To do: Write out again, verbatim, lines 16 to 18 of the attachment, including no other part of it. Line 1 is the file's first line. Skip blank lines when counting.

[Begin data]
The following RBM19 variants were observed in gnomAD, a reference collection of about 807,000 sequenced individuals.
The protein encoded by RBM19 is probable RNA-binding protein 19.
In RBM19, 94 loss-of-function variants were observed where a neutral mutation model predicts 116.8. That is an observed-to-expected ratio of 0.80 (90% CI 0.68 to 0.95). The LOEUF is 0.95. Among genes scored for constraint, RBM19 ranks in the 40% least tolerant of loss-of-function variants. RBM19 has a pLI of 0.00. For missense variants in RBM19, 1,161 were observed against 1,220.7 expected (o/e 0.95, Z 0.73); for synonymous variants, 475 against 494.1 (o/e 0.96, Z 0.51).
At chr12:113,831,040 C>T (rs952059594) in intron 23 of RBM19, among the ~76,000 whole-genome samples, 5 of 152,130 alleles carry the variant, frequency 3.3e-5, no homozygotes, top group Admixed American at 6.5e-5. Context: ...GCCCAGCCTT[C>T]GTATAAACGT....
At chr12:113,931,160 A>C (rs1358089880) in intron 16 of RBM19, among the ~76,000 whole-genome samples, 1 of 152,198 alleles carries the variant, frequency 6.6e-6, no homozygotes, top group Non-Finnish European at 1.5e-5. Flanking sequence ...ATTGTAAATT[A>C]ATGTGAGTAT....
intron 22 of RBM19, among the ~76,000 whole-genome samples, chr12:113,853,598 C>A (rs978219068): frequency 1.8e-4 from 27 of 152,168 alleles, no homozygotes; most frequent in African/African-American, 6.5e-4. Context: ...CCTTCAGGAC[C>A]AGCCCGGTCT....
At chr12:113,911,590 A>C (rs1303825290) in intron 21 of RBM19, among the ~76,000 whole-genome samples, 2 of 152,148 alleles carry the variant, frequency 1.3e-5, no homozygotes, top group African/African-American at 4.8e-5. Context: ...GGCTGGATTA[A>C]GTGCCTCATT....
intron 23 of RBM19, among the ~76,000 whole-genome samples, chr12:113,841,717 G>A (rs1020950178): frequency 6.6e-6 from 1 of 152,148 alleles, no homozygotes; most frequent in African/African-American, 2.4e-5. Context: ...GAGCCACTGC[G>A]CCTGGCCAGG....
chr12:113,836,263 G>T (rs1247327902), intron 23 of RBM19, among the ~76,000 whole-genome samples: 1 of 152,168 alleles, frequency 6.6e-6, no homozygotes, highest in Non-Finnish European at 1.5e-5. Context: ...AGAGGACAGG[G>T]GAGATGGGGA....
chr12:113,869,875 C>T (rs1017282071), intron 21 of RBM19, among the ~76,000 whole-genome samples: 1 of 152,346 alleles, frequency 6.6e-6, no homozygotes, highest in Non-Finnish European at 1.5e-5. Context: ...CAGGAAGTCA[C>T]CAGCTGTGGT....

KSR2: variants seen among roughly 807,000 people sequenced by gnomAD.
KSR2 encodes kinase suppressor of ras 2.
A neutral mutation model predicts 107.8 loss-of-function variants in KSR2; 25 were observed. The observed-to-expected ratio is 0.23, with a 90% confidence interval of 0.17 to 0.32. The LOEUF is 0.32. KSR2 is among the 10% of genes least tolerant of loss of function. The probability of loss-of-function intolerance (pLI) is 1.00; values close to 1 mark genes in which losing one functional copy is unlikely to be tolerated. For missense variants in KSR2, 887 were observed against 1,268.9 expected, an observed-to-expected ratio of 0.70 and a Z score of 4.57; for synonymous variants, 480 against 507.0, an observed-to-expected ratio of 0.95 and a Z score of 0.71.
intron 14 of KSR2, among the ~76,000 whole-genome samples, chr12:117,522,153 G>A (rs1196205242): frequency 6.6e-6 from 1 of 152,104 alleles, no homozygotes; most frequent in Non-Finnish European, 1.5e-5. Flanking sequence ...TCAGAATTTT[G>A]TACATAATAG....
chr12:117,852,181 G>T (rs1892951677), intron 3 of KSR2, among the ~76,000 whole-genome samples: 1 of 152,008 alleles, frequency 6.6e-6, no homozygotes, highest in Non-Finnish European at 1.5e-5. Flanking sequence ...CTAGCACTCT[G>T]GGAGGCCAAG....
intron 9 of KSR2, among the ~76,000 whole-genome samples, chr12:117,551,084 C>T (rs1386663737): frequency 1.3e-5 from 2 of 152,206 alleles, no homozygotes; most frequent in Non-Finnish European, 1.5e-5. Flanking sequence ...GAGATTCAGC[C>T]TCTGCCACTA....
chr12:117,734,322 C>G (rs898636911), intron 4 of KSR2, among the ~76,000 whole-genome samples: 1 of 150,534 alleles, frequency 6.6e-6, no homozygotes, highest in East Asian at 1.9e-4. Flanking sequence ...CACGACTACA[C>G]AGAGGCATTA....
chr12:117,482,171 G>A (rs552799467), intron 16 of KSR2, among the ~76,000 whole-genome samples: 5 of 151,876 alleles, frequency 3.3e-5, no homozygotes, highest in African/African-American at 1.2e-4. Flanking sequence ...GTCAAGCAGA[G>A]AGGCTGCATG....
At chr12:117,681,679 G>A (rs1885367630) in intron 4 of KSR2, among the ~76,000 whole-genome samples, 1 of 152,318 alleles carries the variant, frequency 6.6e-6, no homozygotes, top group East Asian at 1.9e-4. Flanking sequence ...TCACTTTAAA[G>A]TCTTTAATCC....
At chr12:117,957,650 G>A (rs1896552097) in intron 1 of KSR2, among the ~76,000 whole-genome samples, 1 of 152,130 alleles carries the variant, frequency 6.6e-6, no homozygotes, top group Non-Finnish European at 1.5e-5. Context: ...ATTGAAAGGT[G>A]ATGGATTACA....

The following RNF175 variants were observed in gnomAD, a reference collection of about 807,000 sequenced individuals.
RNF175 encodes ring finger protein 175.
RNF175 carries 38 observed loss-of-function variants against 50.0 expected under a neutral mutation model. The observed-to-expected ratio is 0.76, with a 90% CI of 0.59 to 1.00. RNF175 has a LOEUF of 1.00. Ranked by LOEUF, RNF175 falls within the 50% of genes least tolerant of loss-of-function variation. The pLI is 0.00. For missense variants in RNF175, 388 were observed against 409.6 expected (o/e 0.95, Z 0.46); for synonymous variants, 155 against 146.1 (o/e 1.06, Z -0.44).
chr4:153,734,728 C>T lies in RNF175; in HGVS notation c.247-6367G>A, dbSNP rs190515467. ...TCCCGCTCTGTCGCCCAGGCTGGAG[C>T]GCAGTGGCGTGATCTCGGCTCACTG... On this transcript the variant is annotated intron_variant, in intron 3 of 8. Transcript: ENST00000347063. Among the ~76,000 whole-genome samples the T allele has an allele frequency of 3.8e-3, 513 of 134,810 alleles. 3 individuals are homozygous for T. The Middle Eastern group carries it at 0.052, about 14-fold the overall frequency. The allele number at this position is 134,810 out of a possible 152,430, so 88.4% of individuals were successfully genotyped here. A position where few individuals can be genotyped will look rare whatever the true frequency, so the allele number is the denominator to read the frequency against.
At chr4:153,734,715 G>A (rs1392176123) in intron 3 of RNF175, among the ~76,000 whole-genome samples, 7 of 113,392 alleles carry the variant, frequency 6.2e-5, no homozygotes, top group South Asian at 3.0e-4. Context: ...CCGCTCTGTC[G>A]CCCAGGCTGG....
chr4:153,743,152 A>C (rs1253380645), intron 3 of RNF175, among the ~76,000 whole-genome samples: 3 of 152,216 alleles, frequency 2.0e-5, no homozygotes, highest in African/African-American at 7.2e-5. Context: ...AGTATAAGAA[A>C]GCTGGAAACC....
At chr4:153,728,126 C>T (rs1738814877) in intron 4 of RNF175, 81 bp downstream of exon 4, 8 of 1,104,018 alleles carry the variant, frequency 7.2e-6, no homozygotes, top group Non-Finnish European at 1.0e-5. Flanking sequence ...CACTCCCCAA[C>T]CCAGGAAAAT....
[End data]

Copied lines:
intron 9 of KSR2, among the ~76,000 whole-genome samples, chr12:117,551,084 C>T (rs1386663737): frequency 1.3e-5 from 2 of 152,206 alleles, no homozygotes; most frequent in Non-Finnish European, 1.5e-5. Flanking sequence ...GAGATTCAGC[C>T]TCTGCCACTA....
chr12:117,734,322 C>G (rs898636911), intron 4 of KSR2, among the ~76,000 whole-genome samples: 1 of 150,534 alleles, frequency 6.6e-6, no homozygotes, highest in East Asian at 1.9e-4. Flanking sequence ...CACGACTACA[C>G]AGAGGCATTA....
chr12:117,482,171 G>A (rs552799467), intron 16 of KSR2, among the ~76,000 whole-genome samples: 5 of 151,876 alleles, frequency 3.3e-5, no homozygotes, highest in African/African-American at 1.2e-4. Flanking sequence ...GTCAAGCAGA[G>A]AGGCTGCATG....